I was writing an article the other day and used the word color. The British English spelling of this is of course colour (ie. ou instead of o) and it’s this spelling which I used up until a few years ago. For years I have used the spelling color on a regular basis as it’s the spelling which is used in HTML, CSS and other programming languages. It was inevitable that I would use this spelling because I was using it on such a frequent basis. At first I tried to fight it and would go back and add the letter u but over time I got lazier and eventually just used the American spelling (A vast majority of people reading my posts were from North America anyways so I didn’t think it would be a major problem).

However, the other day I noticed that shortly after using the word color I had wrote the word colourful ie. for the noun I used the American spelling and for the adjective I had used the British spelling. When I looked back at the paragraph it looked strange to say the least. The funny thing is, I know it doesn’t look right together however individually my brain thinks that color is the correct spelling to use and that colourful is the correct spelling too (instead of colorful).

I also use center and centre interchangeably, another problem which has been caused by programming a lot. Common programming words aside, another bad habit I have is checking the spelling of words online by typing them into Google. Quite frequently this brings up results using the American spelling. Frequent searches have highlighted the fact that many other British people are being influenced by the American spelling of words and perhaps there are others out there who use British spelling for some words and American spelling for others.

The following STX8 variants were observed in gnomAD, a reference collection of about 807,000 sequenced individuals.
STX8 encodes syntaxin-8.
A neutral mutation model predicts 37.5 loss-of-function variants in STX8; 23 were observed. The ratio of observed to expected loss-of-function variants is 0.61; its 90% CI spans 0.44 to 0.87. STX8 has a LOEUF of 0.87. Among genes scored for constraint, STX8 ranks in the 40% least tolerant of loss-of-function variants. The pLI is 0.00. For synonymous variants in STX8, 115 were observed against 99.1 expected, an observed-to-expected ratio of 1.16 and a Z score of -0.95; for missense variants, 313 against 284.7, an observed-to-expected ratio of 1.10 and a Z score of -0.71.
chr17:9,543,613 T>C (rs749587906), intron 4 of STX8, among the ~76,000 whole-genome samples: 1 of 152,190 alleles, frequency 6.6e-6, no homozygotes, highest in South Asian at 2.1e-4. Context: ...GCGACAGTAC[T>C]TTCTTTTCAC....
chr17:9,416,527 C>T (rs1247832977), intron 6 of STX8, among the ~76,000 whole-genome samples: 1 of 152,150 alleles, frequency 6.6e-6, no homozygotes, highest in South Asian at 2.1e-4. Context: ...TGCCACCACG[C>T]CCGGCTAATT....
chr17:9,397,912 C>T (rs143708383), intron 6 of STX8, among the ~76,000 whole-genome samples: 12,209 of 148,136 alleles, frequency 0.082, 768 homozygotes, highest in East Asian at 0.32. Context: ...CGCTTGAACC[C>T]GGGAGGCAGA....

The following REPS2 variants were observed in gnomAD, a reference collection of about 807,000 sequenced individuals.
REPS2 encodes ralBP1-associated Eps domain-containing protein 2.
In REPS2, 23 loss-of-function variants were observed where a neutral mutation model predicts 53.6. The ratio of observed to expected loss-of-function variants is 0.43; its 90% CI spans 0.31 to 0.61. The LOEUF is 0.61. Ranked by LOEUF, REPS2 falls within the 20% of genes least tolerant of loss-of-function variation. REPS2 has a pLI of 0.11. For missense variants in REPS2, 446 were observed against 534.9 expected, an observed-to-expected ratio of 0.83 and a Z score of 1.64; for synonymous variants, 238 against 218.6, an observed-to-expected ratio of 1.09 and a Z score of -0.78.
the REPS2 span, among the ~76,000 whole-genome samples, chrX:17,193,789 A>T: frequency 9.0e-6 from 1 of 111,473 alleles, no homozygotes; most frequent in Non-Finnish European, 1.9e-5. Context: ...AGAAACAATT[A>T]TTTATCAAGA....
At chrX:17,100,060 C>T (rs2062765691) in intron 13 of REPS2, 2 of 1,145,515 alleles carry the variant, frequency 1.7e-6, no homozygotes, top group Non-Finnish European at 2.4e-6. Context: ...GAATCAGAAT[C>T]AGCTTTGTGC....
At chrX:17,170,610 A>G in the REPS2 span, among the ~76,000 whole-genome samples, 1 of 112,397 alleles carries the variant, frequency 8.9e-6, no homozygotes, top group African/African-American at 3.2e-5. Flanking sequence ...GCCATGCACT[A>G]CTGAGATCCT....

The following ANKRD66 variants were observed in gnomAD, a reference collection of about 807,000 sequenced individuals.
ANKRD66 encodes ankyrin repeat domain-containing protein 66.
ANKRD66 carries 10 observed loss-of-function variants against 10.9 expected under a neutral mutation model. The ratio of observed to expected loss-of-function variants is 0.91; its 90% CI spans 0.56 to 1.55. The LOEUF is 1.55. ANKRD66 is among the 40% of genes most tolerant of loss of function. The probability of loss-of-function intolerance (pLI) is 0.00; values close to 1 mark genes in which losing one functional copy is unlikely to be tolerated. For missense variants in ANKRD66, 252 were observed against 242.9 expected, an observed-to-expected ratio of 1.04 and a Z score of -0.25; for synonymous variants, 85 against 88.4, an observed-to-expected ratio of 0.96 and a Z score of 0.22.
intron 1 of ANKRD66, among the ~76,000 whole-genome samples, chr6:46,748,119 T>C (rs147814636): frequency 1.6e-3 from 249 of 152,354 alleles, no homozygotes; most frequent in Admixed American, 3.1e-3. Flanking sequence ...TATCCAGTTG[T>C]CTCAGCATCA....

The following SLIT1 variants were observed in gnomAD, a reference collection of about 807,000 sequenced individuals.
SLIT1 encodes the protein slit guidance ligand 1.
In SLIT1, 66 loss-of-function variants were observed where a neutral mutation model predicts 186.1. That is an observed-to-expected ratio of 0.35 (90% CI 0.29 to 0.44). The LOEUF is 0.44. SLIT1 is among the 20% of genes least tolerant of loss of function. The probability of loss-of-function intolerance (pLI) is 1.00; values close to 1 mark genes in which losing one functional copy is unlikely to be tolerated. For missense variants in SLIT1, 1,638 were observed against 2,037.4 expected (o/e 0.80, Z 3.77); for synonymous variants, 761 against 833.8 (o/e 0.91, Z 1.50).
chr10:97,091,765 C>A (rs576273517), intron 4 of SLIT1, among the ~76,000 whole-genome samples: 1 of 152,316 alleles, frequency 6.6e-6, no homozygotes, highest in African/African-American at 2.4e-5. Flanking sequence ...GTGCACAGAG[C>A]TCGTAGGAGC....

American English creeping into the UK

As someone who has been influenced greatly by the American English form, I’m not too surprised that other native English speakers from the UK are being influenced too. For example, I have seen some UK websites use the date format month-day-year instead of day-month-year (which seems to have annoyed some people greatly). It is also becoming common for the American spelling of words to be used.

For example, familiarise is the British spelling of the verb to be familar with something whereas the American spelling is familiarize. If you search for familiarise on Google UK you will notice that Google asks if you mean familiarize ie. the American spelling. When you do click on the American spelling you will see that thousands of mainstream UK websites are using the American spelling of this word instead of the British one.

Other native English speaking countries like Australia and New Zealand are obviously being influenced by American English too however there are less differences in spelling so perhaps it’s less of an issue.


The search results for familiarize surprised me a little and showed that many other British people are using the American spelling of words from time to time too. I do believe that over time there is going to be less differences between the different forms of English. Internet usage in English speaking countries is very high and for most people the internet is where they will do the majority of their writing so it makes I think it would be impossible not to be influenced by the way other people use English.

This is an interesting subject and one which I admit I don’t know all the answers to. Do International readers mind posts which has words spelled in the British English way? Do readers mind posts with some words spelled in American English and some spelled in British English?

I’d love to hear what readers think about this, particularly if you believe that your English grammar or spelling been influenced from using the internet a lot 🙂